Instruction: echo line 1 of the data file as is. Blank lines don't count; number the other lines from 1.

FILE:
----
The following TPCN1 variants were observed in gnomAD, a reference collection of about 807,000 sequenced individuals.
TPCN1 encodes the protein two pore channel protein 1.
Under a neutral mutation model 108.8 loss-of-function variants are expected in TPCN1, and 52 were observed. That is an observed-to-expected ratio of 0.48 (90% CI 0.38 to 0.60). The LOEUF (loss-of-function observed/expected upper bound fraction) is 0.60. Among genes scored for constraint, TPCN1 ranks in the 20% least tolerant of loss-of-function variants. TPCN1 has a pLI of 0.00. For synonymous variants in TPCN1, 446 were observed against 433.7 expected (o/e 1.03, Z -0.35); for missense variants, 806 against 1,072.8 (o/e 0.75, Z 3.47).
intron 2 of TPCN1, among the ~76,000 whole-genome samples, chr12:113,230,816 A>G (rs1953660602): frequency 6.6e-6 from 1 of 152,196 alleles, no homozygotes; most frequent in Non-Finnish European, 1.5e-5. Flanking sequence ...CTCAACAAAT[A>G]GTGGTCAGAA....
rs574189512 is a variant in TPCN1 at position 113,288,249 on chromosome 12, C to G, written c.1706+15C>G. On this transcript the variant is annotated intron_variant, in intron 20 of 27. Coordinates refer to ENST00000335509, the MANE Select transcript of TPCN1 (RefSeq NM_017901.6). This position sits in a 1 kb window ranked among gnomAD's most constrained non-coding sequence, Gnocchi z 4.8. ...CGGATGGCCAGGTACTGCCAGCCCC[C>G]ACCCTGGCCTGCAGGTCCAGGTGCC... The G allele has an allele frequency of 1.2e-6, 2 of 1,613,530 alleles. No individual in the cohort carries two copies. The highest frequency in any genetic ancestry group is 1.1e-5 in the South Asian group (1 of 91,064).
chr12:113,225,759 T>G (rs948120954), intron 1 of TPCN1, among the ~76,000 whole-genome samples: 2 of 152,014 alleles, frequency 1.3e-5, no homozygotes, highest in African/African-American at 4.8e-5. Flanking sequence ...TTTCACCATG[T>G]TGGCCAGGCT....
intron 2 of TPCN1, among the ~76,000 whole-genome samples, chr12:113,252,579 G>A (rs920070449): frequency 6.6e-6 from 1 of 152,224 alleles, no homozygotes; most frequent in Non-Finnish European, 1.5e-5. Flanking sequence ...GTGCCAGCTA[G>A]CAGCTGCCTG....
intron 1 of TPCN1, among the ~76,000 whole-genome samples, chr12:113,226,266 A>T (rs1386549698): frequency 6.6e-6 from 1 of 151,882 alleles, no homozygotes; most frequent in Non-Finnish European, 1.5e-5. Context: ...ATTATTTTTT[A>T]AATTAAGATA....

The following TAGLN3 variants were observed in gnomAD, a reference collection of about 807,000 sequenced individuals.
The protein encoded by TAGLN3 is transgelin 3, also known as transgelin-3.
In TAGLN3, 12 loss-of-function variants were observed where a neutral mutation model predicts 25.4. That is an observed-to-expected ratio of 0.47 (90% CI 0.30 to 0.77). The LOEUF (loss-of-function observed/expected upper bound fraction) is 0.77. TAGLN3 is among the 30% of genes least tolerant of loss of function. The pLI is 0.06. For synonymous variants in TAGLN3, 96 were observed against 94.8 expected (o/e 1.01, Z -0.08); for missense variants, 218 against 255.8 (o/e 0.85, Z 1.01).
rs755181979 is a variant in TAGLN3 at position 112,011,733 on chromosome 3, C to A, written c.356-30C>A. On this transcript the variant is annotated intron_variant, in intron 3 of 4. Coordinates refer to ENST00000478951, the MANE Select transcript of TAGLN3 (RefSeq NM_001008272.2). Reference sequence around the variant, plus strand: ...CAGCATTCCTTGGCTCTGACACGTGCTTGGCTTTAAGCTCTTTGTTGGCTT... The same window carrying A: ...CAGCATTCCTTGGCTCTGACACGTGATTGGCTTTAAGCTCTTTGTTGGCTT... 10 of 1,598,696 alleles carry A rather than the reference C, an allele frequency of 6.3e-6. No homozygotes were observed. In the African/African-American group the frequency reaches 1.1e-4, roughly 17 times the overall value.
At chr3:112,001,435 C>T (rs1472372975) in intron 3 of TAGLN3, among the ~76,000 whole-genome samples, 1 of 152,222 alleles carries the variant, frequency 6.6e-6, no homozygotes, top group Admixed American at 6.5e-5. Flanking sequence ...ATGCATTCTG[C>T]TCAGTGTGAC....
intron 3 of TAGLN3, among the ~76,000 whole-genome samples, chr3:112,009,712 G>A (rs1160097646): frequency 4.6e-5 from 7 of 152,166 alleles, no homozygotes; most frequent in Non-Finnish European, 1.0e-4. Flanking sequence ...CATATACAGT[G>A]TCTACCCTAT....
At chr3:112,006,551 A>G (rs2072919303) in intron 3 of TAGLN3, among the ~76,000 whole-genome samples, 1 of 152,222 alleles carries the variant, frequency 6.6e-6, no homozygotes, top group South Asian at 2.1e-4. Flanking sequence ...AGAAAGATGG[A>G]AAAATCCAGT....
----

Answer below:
The following TPCN1 variants were observed in gnomAD, a reference collection of about 807,000 sequenced individuals.